Louise van der Weyden, PhD

Senior Staff Scientist

I’m fascinated by metastasis - both the genetic alterations that drive a cancer cell to acquire metastatic capabilities and the role of the microenvironment (immune cells, endothelial cells, stroma) in regulating this process.

Metastasis is responsible for approximately 90% of human cancer patient deaths. This multi-stage process requires tumour cells to survive in the circulation, extravasate at distant sites then proliferate, and involves contributions from both the tumour cell and the microenvironment. The early steps in this process are believed to be quite efficient, such that it is regulation of tumour cell growth after extravasation (known as ‘colonization’) that determines metastatic outcome.

We focus our studies on melanoma metastasis, as although melanoma accounts for only ~2% of skin cancer cases, it is responsible for the majority of skin cancer deaths. This is because melanoma has an incredible propensity to metastasize, and unlike other cancers, it frequently spreads to multiple organs. Once melanoma has spread to distant organs, the 5 year survival rate for the patient rate is very poor.

In 1889 Stephen Paget proposed the “seed and soil” hypothesis to explain the nature of metastasis. To understand the “seed” we’re sequencing primary melanomas and their metastatic counterparts (from both human patients and experimental animal models) to identify genes that confer metastatic capability to a cell, and that correlate with survival/outcome of the patient. To understand the “soil” we’re looking at the role of non-cell autonomous factors, such as the tumour microenvironment (including stromal cells, endothelial cells and the immune system) in regulating the ability of metastasis to occur. In particular we perform an ‘experimental metastasis assay’ on knockout mice coming through the Sanger Institute’s Mouse Pipelines (http://www.mousephenotype.org/) to identify genes, that when disrupted in the mouse, modify the ability of the metastatic melanoma cells to effectively colonise the lung.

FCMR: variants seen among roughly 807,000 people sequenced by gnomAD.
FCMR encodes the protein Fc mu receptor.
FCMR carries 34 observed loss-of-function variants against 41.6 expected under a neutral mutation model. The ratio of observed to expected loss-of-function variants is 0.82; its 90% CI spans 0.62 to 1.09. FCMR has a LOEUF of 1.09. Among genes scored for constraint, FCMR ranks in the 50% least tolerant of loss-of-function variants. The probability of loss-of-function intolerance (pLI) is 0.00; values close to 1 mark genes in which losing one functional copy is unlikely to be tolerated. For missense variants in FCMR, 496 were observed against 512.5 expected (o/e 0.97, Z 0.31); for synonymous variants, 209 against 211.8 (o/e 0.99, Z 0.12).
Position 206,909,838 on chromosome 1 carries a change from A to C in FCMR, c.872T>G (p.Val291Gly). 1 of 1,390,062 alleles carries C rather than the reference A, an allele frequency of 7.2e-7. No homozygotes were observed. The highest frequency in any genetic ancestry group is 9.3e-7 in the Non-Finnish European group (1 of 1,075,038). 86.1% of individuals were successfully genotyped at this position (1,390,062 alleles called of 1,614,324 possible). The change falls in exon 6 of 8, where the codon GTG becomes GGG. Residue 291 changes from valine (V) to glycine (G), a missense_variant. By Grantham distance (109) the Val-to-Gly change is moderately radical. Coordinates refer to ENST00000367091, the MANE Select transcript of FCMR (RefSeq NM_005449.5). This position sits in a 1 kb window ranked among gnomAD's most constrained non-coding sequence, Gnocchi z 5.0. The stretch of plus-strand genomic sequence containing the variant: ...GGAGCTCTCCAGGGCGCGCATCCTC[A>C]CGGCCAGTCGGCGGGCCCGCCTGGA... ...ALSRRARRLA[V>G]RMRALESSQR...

Understanding genes that are altered in metastasis or host/microenvironmental genes that can regulate metastasis will hopefully pave the way for identifying potential new drug targets.

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